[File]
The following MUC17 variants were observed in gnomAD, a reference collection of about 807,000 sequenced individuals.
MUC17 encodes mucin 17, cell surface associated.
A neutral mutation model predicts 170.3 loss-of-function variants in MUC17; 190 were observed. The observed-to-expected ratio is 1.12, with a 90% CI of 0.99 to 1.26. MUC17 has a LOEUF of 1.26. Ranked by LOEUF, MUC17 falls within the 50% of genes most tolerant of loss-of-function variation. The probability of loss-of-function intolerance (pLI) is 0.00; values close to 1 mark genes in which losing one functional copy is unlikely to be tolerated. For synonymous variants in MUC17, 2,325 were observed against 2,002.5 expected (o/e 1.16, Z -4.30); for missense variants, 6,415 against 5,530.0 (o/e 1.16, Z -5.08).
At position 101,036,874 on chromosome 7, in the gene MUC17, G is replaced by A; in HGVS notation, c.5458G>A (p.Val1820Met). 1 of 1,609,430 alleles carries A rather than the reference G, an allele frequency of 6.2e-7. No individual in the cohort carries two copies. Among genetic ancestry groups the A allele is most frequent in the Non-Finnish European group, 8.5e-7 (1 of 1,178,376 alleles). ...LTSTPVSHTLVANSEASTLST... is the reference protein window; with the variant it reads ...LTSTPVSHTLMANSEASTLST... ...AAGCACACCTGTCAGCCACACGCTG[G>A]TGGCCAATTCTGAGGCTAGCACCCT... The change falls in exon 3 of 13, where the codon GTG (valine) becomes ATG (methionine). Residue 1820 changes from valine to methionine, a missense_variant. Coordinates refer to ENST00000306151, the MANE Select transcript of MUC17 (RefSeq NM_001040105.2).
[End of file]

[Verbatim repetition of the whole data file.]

The following MUC17 variants were observed in gnomAD, a reference collection of about 807,000 sequenced individuals.
MUC17 encodes mucin 17, cell surface associated.
A neutral mutation model predicts 170.3 loss-of-function variants in MUC17; 190 were observed. The observed-to-expected ratio is 1.12, with a 90% CI of 0.99 to 1.26. MUC17 has a LOEUF of 1.26. Ranked by LOEUF, MUC17 falls within the 50% of genes most tolerant of loss-of-function variation. The probability of loss-of-function intolerance (pLI) is 0.00; values close to 1 mark genes in which losing one functional copy is unlikely to be tolerated. For synonymous variants in MUC17, 2,325 were observed against 2,002.5 expected (o/e 1.16, Z -4.30); for missense variants, 6,415 against 5,530.0 (o/e 1.16, Z -5.08).
At position 101,036,874 on chromosome 7, in the gene MUC17, G is replaced by A; in HGVS notation, c.5458G>A (p.Val1820Met). 1 of 1,609,430 alleles carries A rather than the reference G, an allele frequency of 6.2e-7. No individual in the cohort carries two copies. Among genetic ancestry groups the A allele is most frequent in the Non-Finnish European group, 8.5e-7 (1 of 1,178,376 alleles). ...LTSTPVSHTLVANSEASTLST... is the reference protein window; with the variant it reads ...LTSTPVSHTLMANSEASTLST... ...AAGCACACCTGTCAGCCACACGCTG[G>A]TGGCCAATTCTGAGGCTAGCACCCT... The change falls in exon 3 of 13, where the codon GTG (valine) becomes ATG (methionine). Residue 1820 changes from valine to methionine, a missense_variant. Coordinates refer to ENST00000306151, the MANE Select transcript of MUC17 (RefSeq NM_001040105.2).